You’re the Person of Your Dog’s Dreams, Literally, Says Harvard Expert
Science| | By Matthew D'Onofrio
The unconditional love a dog has for its owner refuses to quit even in their sleep.
A clinical and evolutionary psychologist at Harvard Medical School reveals that dogs most likely dream about their owners and the happy times they share together.
Dr. Deirdre Barrett, an expert who has studied sleep behavior in humans for years, says humans dream about their everyday experiences after shutting their eyes for the night, though human dreams are more visual than logical. Therefore, it is likely so do dogs.
“Since dogs are generally extremely attached to their human owners, it’s likely your dog is dreaming of your face, your smell and of pleasing or annoying you,” Barrett told People.
Most mammals have a sleep cycle similar to humans, where they enter a deep sleep stage in which the brain is a lot less active and then a Rapid Eye Moment (REM) stage which occurs in continuous periods. The REM cycle is where the dreams occur.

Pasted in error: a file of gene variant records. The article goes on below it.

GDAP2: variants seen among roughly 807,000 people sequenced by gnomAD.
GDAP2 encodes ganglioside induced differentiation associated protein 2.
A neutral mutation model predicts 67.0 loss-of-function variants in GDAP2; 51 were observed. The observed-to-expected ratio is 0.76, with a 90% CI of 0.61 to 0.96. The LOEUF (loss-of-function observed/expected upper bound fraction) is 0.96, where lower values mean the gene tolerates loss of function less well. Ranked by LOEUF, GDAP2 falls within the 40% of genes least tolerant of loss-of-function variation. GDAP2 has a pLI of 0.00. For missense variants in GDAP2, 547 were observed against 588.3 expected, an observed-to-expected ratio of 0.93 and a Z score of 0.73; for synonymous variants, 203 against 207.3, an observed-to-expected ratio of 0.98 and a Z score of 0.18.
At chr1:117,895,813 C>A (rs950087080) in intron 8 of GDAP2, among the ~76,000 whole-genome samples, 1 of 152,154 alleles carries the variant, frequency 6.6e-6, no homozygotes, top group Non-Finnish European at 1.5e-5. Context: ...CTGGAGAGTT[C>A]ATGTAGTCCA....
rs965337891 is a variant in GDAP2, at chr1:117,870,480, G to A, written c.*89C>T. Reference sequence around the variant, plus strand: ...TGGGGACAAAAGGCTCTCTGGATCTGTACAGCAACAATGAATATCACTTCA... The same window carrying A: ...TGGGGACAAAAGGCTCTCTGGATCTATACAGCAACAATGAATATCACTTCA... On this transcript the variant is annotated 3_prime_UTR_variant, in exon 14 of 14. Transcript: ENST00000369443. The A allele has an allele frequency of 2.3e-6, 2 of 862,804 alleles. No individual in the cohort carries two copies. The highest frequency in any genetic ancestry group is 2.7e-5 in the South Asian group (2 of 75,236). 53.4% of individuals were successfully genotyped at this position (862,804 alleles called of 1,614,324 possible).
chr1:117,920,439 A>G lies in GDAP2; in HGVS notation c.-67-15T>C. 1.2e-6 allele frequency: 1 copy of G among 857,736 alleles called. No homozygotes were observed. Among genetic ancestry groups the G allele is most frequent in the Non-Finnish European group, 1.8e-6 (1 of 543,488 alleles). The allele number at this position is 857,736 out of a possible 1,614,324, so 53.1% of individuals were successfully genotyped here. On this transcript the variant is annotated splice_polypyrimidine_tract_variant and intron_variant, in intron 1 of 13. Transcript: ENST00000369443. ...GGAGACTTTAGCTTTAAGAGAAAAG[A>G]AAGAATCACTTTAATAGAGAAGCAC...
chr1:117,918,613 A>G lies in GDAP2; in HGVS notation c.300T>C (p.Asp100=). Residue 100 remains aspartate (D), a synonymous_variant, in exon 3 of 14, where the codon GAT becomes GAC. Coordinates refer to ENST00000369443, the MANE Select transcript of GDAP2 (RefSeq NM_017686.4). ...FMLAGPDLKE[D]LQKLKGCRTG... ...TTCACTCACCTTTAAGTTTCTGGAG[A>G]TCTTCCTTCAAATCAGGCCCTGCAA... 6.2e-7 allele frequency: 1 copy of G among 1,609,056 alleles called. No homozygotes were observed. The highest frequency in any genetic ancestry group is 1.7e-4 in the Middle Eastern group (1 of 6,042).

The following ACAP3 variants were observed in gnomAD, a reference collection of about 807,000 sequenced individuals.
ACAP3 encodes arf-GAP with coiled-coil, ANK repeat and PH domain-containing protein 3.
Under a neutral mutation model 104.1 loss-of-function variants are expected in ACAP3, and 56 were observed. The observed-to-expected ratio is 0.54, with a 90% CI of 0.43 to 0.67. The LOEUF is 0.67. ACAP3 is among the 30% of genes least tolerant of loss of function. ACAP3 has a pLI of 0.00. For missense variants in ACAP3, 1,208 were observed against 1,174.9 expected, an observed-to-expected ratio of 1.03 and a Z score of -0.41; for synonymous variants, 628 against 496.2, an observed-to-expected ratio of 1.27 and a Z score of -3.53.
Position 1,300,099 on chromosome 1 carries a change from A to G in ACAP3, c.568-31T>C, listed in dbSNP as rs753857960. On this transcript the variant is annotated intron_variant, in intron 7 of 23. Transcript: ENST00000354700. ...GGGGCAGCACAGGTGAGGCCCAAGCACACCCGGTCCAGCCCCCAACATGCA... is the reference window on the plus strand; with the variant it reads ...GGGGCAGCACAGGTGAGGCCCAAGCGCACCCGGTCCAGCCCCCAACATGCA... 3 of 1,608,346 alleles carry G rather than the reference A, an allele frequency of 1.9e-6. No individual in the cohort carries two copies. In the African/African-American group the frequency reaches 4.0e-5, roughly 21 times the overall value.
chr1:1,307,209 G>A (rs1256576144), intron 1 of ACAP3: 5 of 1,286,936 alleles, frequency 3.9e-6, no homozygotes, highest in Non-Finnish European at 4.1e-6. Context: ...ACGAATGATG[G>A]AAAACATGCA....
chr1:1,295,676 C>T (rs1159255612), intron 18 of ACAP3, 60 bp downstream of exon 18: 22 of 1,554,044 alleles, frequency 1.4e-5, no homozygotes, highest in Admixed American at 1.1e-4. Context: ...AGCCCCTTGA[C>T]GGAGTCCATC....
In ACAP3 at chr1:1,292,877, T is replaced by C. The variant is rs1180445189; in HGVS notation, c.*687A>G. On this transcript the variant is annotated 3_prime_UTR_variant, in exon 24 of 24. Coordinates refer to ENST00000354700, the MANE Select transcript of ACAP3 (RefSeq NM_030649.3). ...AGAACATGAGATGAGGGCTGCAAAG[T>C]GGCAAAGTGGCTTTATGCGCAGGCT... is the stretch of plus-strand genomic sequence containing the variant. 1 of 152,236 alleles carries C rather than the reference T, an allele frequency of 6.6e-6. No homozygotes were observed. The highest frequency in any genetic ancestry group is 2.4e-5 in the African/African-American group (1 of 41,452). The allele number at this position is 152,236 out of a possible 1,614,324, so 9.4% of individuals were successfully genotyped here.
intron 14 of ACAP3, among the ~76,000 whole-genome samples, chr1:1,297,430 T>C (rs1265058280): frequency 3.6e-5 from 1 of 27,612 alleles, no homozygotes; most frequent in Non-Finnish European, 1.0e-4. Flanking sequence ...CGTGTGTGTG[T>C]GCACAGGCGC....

“That certainly makes it the best guess that other mammals are dreaming, too,” said Barrett.
This makes sense when dogs are seen moving their legs as if they are running while sleeping, likely acting out their dreams.
When it comes to mammals, cats however do not share similar dreams.
“We actually know more about cats’ dreams, because one of the earliest sleep researchers, Michel Jouvet, destroyed the tiny area in cat brains that inhibits movements during REM sleep,” Barrett said. “Cats lay quietly through the other stages of sleep, and when REM began, they leapt up, stalked, pounced, arched their backs and hissed. They looked like they were hunting mice in their dreams.”
The moral of this story is to have happy experiences throughout the day with your canine companion and then let it get a good night’s rest for maximum dream potential. And if you have a cat, it doesn’t matter because they’ll still dream of eating rodents.